You need to be who you are destined to be
When I was younger, I had so many dreams—marriage, children, a successful career. But when depression hit, it stole some of those dreams. I choose to participate in this project because I don’t want to see other young people miss out on their dreams.
It took a long, long time for Cynthia to confront her issues with anxiety and depression and start getting help. Growing up in a stable household in New England, Cynthia said that she followed the example of her parents, and she denied her illness for years. It’s what her culture—the African American community—taught her to do.
Mental illness in the black community has long been a touchy topic, particularly among the more conservative and older people. The overriding belief is you don’t go to therapy or counseling or take medicine. You go to church. And you don’t talk about your business to anybody. You put on your big girl pants and keep it moving. That’s what I did, except I wasn’t going anywhere.
In her 20s, Cynthia made her first attempt at breaking through the stigma and getting help. Unfortunately, the women’s clinic in Boston she walked into, although understanding, could not dispense the medication they thought was needed to get her illness under control. “Once again, I pulled up my big girl pants,” she said. But by her late 30s, she felt completely overwhelmed.
I called my dad and told him that I was checking myself into the hospital. That was a huge step for me! I took time off work—I didn’t dare tell anyone what I was doing—and I did an inpatient stay for three days.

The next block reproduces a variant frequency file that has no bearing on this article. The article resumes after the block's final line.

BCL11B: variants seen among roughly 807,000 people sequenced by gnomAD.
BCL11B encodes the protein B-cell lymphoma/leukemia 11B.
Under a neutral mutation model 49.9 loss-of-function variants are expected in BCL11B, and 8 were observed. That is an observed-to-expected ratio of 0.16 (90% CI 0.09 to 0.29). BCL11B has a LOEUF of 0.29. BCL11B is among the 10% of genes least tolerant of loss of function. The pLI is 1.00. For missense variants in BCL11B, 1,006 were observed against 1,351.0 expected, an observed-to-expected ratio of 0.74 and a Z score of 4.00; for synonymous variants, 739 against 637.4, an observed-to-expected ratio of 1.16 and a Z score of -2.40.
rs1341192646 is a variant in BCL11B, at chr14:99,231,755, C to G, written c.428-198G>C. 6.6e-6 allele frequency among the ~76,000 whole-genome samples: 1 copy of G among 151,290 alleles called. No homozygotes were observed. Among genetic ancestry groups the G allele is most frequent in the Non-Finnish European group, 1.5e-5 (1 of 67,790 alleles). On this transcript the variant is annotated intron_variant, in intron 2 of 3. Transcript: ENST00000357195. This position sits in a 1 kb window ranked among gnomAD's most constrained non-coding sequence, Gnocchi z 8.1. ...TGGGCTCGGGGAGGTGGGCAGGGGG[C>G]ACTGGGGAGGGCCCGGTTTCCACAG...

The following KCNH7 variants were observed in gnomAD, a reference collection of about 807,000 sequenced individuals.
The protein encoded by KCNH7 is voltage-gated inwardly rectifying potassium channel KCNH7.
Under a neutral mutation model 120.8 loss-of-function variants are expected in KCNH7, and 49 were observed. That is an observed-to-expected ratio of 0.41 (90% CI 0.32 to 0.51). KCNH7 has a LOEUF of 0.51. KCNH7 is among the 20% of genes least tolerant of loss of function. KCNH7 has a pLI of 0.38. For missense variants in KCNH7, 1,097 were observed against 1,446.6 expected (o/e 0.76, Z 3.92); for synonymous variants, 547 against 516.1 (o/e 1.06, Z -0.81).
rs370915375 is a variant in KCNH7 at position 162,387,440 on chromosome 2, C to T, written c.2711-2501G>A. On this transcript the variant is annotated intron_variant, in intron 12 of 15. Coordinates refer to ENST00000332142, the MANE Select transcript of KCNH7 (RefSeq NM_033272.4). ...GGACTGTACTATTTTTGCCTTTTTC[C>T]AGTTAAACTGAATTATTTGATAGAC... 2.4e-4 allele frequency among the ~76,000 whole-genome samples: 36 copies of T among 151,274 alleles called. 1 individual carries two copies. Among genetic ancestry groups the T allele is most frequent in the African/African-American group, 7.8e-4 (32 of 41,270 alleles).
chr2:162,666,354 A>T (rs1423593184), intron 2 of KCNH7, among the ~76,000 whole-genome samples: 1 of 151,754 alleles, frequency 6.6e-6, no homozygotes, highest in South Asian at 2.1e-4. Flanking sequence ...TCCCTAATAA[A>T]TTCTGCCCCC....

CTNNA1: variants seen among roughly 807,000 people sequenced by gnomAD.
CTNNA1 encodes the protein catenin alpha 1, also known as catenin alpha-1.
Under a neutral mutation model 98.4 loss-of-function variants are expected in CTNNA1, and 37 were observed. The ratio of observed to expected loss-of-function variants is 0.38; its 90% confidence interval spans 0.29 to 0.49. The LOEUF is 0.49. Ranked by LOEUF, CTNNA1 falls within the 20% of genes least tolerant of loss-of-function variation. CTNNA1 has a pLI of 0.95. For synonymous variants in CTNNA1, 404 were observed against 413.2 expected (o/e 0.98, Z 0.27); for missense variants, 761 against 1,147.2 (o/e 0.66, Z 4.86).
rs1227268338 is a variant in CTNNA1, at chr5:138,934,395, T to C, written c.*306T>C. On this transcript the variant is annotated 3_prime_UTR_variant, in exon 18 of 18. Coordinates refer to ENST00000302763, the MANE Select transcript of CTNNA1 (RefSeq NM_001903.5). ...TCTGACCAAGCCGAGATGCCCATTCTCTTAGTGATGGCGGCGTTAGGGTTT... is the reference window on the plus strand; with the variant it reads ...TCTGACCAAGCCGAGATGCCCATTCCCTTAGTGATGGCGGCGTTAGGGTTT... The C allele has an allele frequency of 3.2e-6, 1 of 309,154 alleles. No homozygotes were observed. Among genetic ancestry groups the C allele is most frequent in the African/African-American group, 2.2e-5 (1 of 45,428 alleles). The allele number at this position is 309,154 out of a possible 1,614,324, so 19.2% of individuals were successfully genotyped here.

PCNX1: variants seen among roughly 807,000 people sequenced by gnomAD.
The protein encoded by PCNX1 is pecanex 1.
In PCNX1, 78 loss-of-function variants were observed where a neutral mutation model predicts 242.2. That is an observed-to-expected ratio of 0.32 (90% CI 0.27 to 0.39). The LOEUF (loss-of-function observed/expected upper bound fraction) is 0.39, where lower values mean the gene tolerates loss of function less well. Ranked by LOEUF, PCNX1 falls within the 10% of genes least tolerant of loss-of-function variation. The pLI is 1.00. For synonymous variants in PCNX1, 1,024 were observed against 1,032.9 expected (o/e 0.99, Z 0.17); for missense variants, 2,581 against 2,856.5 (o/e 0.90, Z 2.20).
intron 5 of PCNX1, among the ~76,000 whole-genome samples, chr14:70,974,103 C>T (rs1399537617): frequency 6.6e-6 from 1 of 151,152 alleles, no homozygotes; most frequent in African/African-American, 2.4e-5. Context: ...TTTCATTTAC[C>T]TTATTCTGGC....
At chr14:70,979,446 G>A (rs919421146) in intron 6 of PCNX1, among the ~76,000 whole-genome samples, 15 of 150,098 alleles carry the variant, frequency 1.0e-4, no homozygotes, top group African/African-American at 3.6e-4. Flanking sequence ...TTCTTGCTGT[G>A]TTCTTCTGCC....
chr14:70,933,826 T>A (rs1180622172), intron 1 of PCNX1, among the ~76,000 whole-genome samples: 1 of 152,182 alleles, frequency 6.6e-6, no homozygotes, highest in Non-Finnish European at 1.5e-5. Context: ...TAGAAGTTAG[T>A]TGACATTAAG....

In the hospital, I met so many people who were struggling. I met people unlike me but also people just like me. It was freeing, and it really changed my perspective. I was finally able to completely break through. I started seeing a doctor and taking medications.
Since then, Cynthia has worked to make things better, not only for herself but for her community. She studied psychology, educated herself about mental health, and earned a Master’s degree in Education.
She became involved in the foster care system and fostered children for many years. Several years ago, she adopted children of her own through the foster care system—two boys—both struggling with mental health issues. She says she “was destined to be their mom.”
Now, she wants to share her experience and help people with mental illness overcome stigma and get help—particularly young girls in the African-American community.
I have a testament. I want to tell young girls, especially girls of color, that they don’t have to be embarrassed, they don’t have to be ashamed. I want them to be their authentic selves. You need to be who you are destined to be. You need to reach your full potential.